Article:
What is a “Workhorse Movement”?

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Workhorse movement is a label given to certain watch movements by enthusiasts and collectors in many watch communities. The term is no officially used by movement manufactures, but has become a selling point in blog reviews and

A tried and true workhorse should be a simple/minimalist design that does the job efficiently with as few moving parts as possible, while still being effective at maintaining a track record of being reliable, acceptably accurate, not too expensive, and easy to service (or at least generally affordable to service).

A workhorse movement can be of any origin, although the most commonly known workhorse movements are Swiss made ETA/Sellita and Japan made Seiko/Miyota.

You may also hear watches being referred to as workhorses, for example the Seiko Monster.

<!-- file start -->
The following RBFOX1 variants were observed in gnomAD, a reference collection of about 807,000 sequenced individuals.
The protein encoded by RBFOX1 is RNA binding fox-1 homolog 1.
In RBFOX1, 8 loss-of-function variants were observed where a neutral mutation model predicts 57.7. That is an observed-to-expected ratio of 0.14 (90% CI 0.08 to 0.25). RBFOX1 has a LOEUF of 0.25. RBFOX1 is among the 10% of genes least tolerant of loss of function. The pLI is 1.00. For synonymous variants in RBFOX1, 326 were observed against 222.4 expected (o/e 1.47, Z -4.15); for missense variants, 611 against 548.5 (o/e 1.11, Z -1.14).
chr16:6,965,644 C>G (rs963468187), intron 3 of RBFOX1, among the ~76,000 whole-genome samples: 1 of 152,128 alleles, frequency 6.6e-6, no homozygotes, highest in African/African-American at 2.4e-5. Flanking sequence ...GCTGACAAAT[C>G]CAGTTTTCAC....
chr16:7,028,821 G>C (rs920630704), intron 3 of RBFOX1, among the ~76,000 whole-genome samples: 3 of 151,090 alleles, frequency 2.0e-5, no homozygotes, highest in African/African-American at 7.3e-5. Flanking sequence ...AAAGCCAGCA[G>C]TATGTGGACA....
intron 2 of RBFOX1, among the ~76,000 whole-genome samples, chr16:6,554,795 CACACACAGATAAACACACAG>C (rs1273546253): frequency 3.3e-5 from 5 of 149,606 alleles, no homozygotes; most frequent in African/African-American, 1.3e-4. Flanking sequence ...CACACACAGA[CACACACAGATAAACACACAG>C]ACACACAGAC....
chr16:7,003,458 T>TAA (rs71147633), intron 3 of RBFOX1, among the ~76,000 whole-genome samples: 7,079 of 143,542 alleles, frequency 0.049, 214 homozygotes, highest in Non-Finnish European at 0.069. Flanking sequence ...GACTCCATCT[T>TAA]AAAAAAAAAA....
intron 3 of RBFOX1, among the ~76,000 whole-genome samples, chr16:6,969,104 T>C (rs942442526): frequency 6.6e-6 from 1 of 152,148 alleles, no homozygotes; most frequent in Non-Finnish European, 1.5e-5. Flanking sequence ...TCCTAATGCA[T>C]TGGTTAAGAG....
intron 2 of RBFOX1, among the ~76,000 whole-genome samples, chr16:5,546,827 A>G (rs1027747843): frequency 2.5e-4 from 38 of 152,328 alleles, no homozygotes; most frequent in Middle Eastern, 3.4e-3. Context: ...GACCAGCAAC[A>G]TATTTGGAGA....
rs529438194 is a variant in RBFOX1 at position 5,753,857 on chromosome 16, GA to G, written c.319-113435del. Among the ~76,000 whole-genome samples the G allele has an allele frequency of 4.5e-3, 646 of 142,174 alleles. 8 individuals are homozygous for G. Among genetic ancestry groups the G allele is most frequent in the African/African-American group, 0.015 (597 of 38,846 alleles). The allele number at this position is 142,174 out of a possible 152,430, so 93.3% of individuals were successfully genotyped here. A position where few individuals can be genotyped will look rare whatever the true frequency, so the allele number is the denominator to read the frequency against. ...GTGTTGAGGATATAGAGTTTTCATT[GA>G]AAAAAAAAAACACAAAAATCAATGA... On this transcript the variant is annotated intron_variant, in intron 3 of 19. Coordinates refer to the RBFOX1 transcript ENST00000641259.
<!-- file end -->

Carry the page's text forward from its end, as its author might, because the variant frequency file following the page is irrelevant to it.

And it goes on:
The most common examples of workhorse movements are:

A workhorse watch is basically a tool watch powered by any of the above movements, but also with other characteristics such as a sapphire crystal and screw-down crown.

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[…] 2824 is considered to be a “workhorse” movement by many watch […]

Jim
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Jim

Workhorse movement is a forum cliche and now being used by watch manufacturers to make it sound good that they are selling a cheap Japan movement watch.

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[…] The Miyota caliber 8215 is a 21 jewel automatic movement. It is made in Japan and is found in many new microbrands because it is easily obtainable, low cost, and considered an entry level workhorse movement. […]

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[…] The Miyota caliber 9015 is a 21 jewel automatic movement. It is made in Japan and is found in many new microbrands because it is easily obtainable, has a desirable hacking function, and considered a workhorse movement. […]

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